By Jeff Wagner

MINNEAPOLIS (WCCO) — It lasts mere seconds but can feel like minutes. Getting stuck at a red light, especially with no traffic around, is frustrating at times.

We wanted to learn: How are traffic lights timed? And can drivers influence a light to change? Good Question.

“There’s some weird stop lights, I don’t know why they’re still there, where it feels like you just sit there for five minutes at a time,” said driver Joey Dispirito.

“Some people say nudging forward helps but I’m not sure how effective that is,” added Noah Hiniker.

Will flashing your high beams at a red light get it to change to green?

“That is definitely an old myth,” Steve Mosing said with a smile. He’s a traffic operations engineer with the Minneapolis Public Works Department.

How are the traffic lights timed?

“We have about 815 signals in the city of Minneapolis and most all of the signals are timed on what we call a pre-timed system,” Mosing said.

A majority of the traffic lights in the city run on a 100 second cycle, which covers the time of green, to yellow, to red, and right up to when it’s green again.

The cycles also vary, lasting a little bit during longer morning and evening rush hours versus off hours. They’ll adjust again for major events like Twins and Vikings games.

What type of technology senses cars at traffic lights? First and foremost is an elevated signal system, which is a fancy way of saying a camera. “The camera detects differentiation within the pixels it’s recording to make a determination that it’s a vehicle. Once a vehicle is detected, signal times can be adjusted if needed,” said Mosing.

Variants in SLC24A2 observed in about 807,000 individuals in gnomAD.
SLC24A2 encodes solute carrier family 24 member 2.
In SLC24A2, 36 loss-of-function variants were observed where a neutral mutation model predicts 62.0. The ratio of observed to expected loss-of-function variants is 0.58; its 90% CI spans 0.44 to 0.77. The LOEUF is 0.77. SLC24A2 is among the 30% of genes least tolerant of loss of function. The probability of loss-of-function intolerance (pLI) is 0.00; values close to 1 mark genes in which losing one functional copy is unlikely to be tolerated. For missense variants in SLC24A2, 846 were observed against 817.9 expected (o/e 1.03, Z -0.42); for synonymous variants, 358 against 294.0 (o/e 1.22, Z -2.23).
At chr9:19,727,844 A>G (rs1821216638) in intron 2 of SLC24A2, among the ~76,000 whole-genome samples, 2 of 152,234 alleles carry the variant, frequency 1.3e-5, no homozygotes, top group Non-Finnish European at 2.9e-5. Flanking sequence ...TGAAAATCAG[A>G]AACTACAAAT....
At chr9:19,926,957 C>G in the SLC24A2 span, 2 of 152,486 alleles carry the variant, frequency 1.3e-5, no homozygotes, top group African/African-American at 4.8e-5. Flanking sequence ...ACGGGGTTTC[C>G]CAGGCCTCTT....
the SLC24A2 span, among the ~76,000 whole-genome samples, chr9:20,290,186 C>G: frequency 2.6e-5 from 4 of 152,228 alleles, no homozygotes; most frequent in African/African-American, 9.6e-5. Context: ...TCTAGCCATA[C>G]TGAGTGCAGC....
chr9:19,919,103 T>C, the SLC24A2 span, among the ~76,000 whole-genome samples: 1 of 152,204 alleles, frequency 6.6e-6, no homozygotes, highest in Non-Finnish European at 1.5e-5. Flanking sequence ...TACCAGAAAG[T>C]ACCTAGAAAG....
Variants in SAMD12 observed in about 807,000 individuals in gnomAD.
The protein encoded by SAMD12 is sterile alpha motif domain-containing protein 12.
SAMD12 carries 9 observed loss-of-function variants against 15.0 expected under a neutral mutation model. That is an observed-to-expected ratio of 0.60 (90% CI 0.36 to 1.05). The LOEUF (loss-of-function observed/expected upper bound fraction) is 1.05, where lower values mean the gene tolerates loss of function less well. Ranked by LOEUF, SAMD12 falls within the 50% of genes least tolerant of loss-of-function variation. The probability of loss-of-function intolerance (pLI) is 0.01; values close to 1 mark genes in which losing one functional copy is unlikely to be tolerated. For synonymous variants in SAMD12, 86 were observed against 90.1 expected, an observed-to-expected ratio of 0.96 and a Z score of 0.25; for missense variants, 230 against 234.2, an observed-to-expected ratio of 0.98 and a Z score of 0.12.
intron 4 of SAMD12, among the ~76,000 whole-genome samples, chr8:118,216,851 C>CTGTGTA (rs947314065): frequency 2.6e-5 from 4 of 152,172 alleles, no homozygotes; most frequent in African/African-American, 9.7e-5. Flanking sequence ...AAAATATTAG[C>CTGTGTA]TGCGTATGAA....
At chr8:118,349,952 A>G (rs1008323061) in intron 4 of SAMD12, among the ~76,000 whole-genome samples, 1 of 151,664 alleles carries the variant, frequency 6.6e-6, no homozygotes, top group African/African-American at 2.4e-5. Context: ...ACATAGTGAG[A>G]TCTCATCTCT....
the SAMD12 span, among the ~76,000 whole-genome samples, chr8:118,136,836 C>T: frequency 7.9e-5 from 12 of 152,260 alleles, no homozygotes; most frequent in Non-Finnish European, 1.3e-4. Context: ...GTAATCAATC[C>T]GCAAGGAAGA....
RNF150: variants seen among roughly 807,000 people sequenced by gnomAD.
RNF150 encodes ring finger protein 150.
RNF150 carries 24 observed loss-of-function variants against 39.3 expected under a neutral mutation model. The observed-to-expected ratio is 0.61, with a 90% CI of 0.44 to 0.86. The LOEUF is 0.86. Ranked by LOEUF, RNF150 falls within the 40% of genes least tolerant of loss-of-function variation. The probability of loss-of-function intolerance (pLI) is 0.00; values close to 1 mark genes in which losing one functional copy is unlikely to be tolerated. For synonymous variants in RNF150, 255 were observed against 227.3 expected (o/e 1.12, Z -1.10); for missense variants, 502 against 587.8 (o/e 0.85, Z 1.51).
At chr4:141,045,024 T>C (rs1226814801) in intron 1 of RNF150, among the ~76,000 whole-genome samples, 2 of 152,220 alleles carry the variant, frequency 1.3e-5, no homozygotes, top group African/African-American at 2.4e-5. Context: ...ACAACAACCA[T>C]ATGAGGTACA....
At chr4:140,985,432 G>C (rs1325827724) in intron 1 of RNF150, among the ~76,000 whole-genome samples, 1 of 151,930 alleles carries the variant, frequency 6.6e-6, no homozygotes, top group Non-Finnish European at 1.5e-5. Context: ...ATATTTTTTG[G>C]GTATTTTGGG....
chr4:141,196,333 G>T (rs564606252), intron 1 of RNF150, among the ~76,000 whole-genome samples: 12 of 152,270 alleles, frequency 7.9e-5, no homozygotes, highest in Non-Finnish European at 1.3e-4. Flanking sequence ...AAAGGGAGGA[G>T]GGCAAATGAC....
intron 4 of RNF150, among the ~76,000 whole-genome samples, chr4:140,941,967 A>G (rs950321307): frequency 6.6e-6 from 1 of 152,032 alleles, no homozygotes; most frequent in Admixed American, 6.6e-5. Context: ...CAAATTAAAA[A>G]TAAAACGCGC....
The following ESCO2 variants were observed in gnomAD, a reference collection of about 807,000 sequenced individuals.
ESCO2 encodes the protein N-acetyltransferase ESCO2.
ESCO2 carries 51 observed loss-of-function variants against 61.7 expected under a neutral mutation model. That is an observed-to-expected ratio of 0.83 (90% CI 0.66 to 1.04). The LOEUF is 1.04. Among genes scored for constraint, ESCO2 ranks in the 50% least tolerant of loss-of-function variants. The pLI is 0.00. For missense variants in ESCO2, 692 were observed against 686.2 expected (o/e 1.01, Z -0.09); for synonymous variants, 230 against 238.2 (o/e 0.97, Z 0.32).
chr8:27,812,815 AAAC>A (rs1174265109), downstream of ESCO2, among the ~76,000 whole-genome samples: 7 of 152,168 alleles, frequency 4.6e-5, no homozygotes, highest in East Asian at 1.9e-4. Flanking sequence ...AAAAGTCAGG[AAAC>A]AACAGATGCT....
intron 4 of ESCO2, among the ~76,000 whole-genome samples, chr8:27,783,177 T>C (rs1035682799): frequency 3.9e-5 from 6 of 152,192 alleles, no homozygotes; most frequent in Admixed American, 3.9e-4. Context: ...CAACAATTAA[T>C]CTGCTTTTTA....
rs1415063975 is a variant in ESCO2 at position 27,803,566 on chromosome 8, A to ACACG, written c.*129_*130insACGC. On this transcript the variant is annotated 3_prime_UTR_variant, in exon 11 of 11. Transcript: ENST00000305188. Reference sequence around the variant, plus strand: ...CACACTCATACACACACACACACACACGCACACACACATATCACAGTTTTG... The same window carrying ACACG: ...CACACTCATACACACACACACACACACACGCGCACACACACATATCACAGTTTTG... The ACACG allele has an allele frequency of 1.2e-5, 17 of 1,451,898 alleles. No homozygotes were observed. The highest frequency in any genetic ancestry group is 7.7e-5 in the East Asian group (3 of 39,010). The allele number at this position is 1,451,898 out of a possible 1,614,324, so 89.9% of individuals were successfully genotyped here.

There’s also a sensor in the pavement, however it doesn’t recognize a vehicle’s weight as some drivers might believe.

“The sensor in the street has an electrical flux. And so when a vehicle drives over it, it breaks that flux and it sends a call to our controller that says there’s a vehicle there,” said Mosing.

“What else can influence the light timing?

“Pedestrians of course,” said Hinkier. That’s especially important in Minneapolis where foot and bike traffic are part of city life. The light rail system also influences certain intersections.

“We also have technology that accommodates bus rapid transit. These are the new buses that you see out on the streets to give them priority as they go through the intersection to make those commutes shorter for bus travelers,” said Mosing.

Those factors, along with making each intersection work in unison across the entire grid system in Minneapolis, makes it a tall task.

“It’s more of an art to try to set that at the right sweet spot so that we can manage the traffic flow at posted speeds or less,” said Mosing.

When Minneapolis changed speed limits to 25 mph on neighborhood streets in 2020, traffic light times were adjusted. There will another be a citywide timing evaluation in about 4-5 years.

Jeff Wagner